Working this way permits a lot of spontaneity to come out in the drawings. The standard way of drawing comics, and the way I’ve usually done it (as detailed in my last post), is to create a careful underdrawing and then ink over the top of it. This is a tried-and-true method that’s served people well for countless great comics, but the results can look a little overwrought, and lacking in the focus and emotional immediacy that a spontaneous drawing can give to a character’s expression and gesture.

When I noticed that a lot of my sketchbook drawings and doodles were stronger than my more careful illustrations, I knew I had to find a way to make my comics more like my sketches.

I’m quite deep into this book, and I’m starting to see the result: a story in pictures where the drawings may not be technically perfect, but where the immediacy of the drawing hangs together in a natural way and seems to give more life and character to the story than I’ve managed to acheive before.

More info on the book coming soon! Until then, here’s a few snapshots from the drawing board in the last few weeks.

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Making a Comics Page, Start to Finish
March 21, 2022, 11:16
Filed under: illustrations | Tags: , , , , , ,

When I was giving school talks about Dino Detectives I spoke a bit about the process of going from script to full-colour artwork when making a page of comics. I thought I’d share here the examples that I used from the book, going from a script, to thumbnails, to scrappy roughs, to blue-line underdrawing, to the final line drawing. Then the process of layering the colour on, from background, to characters, then adding details, then shadows, and finally a few special lighting effects.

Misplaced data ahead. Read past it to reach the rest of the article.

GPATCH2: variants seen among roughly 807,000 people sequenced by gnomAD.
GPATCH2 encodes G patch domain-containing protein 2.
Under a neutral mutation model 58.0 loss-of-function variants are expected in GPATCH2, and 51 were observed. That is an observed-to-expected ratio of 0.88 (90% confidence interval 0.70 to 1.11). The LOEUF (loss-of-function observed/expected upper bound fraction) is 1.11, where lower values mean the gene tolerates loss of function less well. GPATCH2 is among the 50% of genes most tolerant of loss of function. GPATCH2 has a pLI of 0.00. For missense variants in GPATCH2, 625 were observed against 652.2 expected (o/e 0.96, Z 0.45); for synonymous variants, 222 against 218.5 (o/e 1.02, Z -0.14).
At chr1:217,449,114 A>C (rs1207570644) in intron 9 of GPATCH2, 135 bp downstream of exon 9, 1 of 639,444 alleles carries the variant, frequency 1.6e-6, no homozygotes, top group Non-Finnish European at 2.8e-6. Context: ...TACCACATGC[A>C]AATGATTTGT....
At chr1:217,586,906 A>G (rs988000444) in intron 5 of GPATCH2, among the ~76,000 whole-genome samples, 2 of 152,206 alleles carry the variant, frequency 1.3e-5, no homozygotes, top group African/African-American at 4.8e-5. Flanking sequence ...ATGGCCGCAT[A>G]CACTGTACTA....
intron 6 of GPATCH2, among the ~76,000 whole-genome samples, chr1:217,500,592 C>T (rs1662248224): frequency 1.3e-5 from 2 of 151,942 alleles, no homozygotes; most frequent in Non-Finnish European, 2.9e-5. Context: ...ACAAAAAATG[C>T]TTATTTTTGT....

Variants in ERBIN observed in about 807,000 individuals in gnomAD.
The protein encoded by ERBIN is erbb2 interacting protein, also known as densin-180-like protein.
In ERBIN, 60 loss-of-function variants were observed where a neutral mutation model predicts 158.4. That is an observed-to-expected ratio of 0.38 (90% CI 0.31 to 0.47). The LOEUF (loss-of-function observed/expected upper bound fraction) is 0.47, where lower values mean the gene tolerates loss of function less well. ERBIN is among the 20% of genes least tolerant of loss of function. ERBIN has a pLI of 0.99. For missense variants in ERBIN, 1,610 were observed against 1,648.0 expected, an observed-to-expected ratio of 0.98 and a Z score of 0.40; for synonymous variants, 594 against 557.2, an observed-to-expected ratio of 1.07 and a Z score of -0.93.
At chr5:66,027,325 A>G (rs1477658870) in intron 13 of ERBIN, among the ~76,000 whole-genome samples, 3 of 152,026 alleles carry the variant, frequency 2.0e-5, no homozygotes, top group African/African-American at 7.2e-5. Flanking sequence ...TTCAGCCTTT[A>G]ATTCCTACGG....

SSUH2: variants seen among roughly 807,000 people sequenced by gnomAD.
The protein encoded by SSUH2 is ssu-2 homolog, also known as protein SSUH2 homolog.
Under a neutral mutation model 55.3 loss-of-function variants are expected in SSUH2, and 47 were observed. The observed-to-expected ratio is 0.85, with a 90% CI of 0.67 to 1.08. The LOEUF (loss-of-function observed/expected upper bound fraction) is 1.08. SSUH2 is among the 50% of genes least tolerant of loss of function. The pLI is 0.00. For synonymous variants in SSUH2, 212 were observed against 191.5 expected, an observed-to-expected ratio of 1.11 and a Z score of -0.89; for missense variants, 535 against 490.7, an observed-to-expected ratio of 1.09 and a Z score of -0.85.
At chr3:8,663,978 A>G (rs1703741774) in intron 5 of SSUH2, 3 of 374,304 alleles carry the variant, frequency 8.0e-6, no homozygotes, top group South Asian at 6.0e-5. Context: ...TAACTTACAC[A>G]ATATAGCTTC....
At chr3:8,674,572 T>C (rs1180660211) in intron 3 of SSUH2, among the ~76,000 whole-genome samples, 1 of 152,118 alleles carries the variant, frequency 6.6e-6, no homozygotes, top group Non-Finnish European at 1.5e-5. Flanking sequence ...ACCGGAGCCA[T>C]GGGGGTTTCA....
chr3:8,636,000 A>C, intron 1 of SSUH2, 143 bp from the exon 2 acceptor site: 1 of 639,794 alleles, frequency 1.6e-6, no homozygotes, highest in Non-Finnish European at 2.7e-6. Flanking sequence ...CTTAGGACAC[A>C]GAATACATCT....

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Awesome Con 2021
September 10, 2021, 16:59
Filed under: illustrations | Tags: , , , ,

Big thank you to Washington DC’s Awesome Con for having me alongside Greg Neri to talk about our comic book, The Time Travelling Dino Detectives of Antarctica, releasing to coincide with the new big screen documentary, Dinosaurs of Antarctica, from Giant Screen Films.

We appeared via video along with a panel of scientists to talk about dinosaurs and comics, and also to show off some new drawings as answers to questions about life on the frozen continent (how do you take a shower in Antarctica?)

Attendees can take an epic journey back in time to a prehistoric world now lost to ice, with this sneak preview of the giant screen adventure, Dinosaurs of Antarctica. Meet the scientists, Libby Ives, Dr. Patricia Ryberg, Dr. Nathan Smith, G. Neri, and Corban Wilkin who explored the frozen continent’s glaciers on a quest to uncover its secret past, and learn how to draw a dinosaur with the award winning team behind the comic, “The Time Traveling Dinosaur Detectives of Antarctica.” (Panel details: “Dinosaurs of Antarctica” – 3:15PM – August 21 – Room 144AB)

https://geekinsider.com/awesome-cons-science-fair-brings-another-year-of-innovation-exploration-and-fun/